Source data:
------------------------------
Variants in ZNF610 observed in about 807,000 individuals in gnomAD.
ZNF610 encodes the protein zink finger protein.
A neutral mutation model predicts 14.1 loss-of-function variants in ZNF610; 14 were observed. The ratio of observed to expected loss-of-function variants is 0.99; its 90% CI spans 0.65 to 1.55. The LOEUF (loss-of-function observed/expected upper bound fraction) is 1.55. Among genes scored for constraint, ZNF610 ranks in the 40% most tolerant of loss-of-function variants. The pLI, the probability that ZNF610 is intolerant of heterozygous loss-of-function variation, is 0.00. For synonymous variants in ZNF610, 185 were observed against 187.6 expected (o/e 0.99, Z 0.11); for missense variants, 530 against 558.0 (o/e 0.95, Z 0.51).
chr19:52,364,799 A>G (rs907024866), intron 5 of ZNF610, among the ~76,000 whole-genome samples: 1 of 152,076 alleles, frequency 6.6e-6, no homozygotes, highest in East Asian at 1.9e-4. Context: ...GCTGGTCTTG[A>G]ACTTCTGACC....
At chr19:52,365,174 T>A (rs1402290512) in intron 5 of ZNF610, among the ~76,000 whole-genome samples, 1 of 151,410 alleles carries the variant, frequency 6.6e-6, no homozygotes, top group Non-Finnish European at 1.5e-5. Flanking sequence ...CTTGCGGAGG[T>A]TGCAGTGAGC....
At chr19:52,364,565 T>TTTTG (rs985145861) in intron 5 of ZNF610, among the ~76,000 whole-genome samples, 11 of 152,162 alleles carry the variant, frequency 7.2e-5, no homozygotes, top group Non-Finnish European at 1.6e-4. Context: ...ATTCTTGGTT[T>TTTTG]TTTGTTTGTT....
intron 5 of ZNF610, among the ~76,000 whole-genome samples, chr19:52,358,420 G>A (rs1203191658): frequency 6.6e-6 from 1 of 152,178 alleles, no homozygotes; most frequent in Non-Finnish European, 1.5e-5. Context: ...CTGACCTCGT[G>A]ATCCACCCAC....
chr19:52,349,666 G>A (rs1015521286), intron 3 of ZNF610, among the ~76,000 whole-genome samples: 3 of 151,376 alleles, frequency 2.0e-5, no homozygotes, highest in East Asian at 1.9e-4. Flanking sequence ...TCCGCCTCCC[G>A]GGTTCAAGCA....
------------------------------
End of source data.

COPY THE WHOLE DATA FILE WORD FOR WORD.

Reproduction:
Variants in ZNF610 observed in about 807,000 individuals in gnomAD.
ZNF610 encodes the protein zink finger protein.
A neutral mutation model predicts 14.1 loss-of-function variants in ZNF610; 14 were observed. The ratio of observed to expected loss-of-function variants is 0.99; its 90% CI spans 0.65 to 1.55. The LOEUF (loss-of-function observed/expected upper bound fraction) is 1.55. Among genes scored for constraint, ZNF610 ranks in the 40% most tolerant of loss-of-function variants. The pLI, the probability that ZNF610 is intolerant of heterozygous loss-of-function variation, is 0.00. For synonymous variants in ZNF610, 185 were observed against 187.6 expected (o/e 0.99, Z 0.11); for missense variants, 530 against 558.0 (o/e 0.95, Z 0.51).
chr19:52,364,799 A>G (rs907024866), intron 5 of ZNF610, among the ~76,000 whole-genome samples: 1 of 152,076 alleles, frequency 6.6e-6, no homozygotes, highest in East Asian at 1.9e-4. Context: ...GCTGGTCTTG[A>G]ACTTCTGACC....
At chr19:52,365,174 T>A (rs1402290512) in intron 5 of ZNF610, among the ~76,000 whole-genome samples, 1 of 151,410 alleles carries the variant, frequency 6.6e-6, no homozygotes, top group Non-Finnish European at 1.5e-5. Flanking sequence ...CTTGCGGAGG[T>A]TGCAGTGAGC....
At chr19:52,364,565 T>TTTTG (rs985145861) in intron 5 of ZNF610, among the ~76,000 whole-genome samples, 11 of 152,162 alleles carry the variant, frequency 7.2e-5, no homozygotes, top group Non-Finnish European at 1.6e-4. Context: ...ATTCTTGGTT[T>TTTTG]TTTGTTTGTT....
intron 5 of ZNF610, among the ~76,000 whole-genome samples, chr19:52,358,420 G>A (rs1203191658): frequency 6.6e-6 from 1 of 152,178 alleles, no homozygotes; most frequent in Non-Finnish European, 1.5e-5. Context: ...CTGACCTCGT[G>A]ATCCACCCAC....
chr19:52,349,666 G>A (rs1015521286), intron 3 of ZNF610, among the ~76,000 whole-genome samples: 3 of 151,376 alleles, frequency 2.0e-5, no homozygotes, highest in East Asian at 1.9e-4. Flanking sequence ...TCCGCCTCCC[G>A]GGTTCAAGCA....